Creating a Reusable “ObservableSource” for the Reactive Extensions (part 4)

Supporting Re-entrant Event Publication: Implementation

Introduction

In Part 3 I looked at the effect of calling Subject<T>.OnNext from within a subscriber to that Subject<T>. I really do not think that the out of order events that creates are going to create anything other than confusion.

In my implementation, continuing on from Part 1 and Part 2, I want to avoid the implicit re-ordering that happens when Next(value) is called from within a subscriber.

The Re-Entrant Implementation

In the basic implementation a snapshot of the subscribers is taken (to avoid problems with the collection being modified by re-entrant subscribe and unsubscribe operations), then iterated over:

var subs = subscribers.Values.ToArray();
foreach (var sub in subs) {
   sub.OnNext(value);
}

In the case of a re-entrant Next call this loop will simply exist on the stack twice:

Observable2.Next()
ATestObserver.OnNext()
Observable2.Next()

With the second call iterating through the list of subscribers before the first moves on to the next.

The solution here is to recognise that an iteration is taking place already when Next is called and, rather than just looping to call all subscribers, buffer up the new value. The original call keeps looping until all buffered values are sent out. (Once, later in this series, concurrency is introduced locking is going to be needed here.)

First two new fields are needed. A Queue to act as buffer, and a flag to indicate events are currently being pushed to the subscribers:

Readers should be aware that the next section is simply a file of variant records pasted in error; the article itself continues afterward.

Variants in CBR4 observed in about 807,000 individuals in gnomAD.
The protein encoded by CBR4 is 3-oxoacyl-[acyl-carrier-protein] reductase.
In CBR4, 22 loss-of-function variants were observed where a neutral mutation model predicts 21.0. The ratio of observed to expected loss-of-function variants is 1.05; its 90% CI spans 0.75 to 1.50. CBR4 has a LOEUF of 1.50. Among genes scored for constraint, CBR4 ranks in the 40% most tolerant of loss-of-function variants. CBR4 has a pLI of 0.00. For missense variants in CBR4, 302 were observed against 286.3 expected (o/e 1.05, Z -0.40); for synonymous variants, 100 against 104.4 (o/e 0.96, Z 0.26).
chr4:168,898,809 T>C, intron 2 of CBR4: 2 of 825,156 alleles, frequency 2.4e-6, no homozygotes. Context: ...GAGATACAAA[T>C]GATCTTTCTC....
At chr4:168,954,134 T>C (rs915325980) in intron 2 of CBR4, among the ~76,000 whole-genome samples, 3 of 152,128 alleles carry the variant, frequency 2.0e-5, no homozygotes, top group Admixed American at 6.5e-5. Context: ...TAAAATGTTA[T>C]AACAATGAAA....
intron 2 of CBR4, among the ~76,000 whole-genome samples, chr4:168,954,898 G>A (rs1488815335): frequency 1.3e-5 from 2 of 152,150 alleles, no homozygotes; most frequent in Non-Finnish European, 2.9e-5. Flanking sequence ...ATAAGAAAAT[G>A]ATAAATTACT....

private Queue<T> pendingEvents = new Queue<T>();
private bool pushingEvent = false;

Then reworking the Next implementation:

pendingEvents.Enqueue(value);
if (!pushingEvent) {
    try {
        pushingEvent = true;
        while (pendingEvents.Count > 0) {
            var subs = subscribers.Values.ToArray();
            var v = pendingEvents.Dequeue();
            foreach (var s in subs) {
                s.OnNext(v);
            }
        }
    } finally {
        pushingEvent = false;
    }
}

A few points worth noting:

  • By always putting the new event value in the queue there is no special cases needed for the first event

  • The try…finally ensures the pushingEvent gets reset, but this could leave un-pushed events. This is a consequence of the RX exception model (propogate back to the called), but with the added twist that a re-entrant call to this will not get the exception, the original caller of Next will.

  • I have chosen to re-snapshot the subscribers for each event. This will avoid a subscriber that unsubscribes in response to one event getting more, even if already queued up.

Next Steps

This is still missing Exception and Complete methods (to call IObserver<T>.Error() and .OnCompleted.

…and concurrency support of course.

This entry was posted Wednesday, February 17th, 2010 18:07. In .NET Futures, Rx.
You can follow any responses to this entry through the RSS 2.0 feed.

Comments are closed.